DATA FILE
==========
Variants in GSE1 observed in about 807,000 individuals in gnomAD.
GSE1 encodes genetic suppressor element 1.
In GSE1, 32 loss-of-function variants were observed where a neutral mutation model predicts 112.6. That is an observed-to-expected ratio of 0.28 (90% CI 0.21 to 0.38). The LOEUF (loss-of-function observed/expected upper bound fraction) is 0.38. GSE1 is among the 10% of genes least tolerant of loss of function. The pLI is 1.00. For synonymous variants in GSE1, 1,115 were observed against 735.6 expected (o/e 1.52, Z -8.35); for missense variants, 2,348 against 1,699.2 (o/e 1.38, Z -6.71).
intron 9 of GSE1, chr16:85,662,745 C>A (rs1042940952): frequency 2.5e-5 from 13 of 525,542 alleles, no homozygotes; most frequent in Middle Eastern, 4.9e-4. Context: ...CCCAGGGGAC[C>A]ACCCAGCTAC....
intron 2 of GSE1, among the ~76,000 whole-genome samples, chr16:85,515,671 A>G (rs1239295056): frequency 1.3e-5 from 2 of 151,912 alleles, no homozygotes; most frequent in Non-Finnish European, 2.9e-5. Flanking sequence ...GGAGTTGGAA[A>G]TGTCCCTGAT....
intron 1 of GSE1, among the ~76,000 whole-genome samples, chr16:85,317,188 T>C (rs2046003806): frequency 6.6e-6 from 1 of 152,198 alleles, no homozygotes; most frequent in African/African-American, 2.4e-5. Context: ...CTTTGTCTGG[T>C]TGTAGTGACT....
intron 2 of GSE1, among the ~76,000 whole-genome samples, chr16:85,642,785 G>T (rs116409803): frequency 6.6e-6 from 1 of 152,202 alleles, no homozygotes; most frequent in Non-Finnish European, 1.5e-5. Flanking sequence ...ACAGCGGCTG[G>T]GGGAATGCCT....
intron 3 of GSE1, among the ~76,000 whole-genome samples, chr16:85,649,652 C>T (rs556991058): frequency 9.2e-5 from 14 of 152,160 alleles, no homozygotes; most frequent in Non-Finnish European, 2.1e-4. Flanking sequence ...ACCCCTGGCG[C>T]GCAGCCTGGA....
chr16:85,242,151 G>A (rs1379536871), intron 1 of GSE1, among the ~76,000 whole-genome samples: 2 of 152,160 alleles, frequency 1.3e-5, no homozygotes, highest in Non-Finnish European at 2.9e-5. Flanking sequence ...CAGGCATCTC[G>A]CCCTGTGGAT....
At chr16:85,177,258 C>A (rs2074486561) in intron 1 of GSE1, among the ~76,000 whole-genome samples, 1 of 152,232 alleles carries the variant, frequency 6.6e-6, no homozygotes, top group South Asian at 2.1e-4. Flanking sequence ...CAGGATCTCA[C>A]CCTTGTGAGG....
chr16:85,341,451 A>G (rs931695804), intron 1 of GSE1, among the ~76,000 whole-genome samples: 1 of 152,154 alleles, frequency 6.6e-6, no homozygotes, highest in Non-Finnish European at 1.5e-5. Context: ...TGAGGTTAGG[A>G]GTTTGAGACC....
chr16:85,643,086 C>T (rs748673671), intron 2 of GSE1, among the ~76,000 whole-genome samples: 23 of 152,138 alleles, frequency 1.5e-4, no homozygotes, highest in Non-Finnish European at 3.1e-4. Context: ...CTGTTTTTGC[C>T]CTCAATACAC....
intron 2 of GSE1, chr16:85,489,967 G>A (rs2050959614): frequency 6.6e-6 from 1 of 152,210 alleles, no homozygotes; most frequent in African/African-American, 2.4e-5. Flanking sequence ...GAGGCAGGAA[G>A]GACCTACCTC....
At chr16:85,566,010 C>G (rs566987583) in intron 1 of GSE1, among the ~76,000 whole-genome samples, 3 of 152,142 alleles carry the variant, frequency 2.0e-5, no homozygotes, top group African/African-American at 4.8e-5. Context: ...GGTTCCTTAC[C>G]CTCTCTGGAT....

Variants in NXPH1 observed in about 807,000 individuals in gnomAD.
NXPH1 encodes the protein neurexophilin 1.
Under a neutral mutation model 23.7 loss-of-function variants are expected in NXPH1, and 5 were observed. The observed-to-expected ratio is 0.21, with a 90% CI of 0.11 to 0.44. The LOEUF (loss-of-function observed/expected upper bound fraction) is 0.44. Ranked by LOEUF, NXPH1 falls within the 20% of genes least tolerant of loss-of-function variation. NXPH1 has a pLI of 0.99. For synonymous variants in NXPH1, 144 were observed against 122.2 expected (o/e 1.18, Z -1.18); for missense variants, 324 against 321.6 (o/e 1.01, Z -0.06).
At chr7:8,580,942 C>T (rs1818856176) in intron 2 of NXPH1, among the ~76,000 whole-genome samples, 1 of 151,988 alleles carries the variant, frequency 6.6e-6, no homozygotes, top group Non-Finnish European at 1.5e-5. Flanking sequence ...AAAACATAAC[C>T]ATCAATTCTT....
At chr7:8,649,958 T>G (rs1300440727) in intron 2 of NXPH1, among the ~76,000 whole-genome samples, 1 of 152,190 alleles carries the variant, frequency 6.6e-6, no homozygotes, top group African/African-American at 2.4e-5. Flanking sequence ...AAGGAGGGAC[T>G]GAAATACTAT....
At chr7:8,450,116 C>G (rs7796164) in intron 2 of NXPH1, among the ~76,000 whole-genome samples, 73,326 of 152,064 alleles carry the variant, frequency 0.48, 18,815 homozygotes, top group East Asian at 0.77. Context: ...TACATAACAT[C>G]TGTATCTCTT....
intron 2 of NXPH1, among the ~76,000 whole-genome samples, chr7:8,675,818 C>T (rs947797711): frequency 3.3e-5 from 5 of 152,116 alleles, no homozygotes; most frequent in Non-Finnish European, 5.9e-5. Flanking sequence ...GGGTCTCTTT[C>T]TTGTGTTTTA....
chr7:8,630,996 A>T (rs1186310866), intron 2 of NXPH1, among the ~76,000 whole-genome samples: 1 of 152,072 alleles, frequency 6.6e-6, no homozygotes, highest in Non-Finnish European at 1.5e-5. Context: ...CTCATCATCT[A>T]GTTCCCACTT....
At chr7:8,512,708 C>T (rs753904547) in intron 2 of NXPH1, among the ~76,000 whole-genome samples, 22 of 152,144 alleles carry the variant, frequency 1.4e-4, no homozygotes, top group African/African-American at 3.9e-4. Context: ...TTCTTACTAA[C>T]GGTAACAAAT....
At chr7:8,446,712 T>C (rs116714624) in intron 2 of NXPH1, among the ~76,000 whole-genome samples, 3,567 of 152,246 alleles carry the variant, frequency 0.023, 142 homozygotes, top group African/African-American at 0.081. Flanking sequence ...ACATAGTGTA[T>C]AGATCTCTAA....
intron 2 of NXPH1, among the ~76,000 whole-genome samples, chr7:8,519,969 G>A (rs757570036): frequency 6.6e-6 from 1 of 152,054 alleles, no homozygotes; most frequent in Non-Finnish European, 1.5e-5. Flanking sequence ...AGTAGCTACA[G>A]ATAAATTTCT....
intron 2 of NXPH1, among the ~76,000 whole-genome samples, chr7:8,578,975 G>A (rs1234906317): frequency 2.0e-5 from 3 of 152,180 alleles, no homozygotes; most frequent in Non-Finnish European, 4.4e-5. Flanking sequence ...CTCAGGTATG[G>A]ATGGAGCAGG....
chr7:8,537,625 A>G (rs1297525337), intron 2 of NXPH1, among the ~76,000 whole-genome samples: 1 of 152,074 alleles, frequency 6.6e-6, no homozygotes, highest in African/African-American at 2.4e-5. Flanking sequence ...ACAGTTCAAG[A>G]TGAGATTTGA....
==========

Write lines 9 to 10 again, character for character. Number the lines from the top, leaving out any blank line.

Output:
chr16:85,242,151 G>A (rs1379536871), intron 1 of GSE1, among the ~76,000 whole-genome samples: 2 of 152,160 alleles, frequency 1.3e-5, no homozygotes, highest in Non-Finnish European at 2.9e-5. Flanking sequence ...CAGGCATCTC[G>A]CCCTGTGGAT....
At chr16:85,177,258 C>A (rs2074486561) in intron 1 of GSE1, among the ~76,000 whole-genome samples, 1 of 152,232 alleles carries the variant, frequency 6.6e-6, no homozygotes, top group South Asian at 2.1e-4. Flanking sequence ...CAGGATCTCA[C>A]CCTTGTGAGG....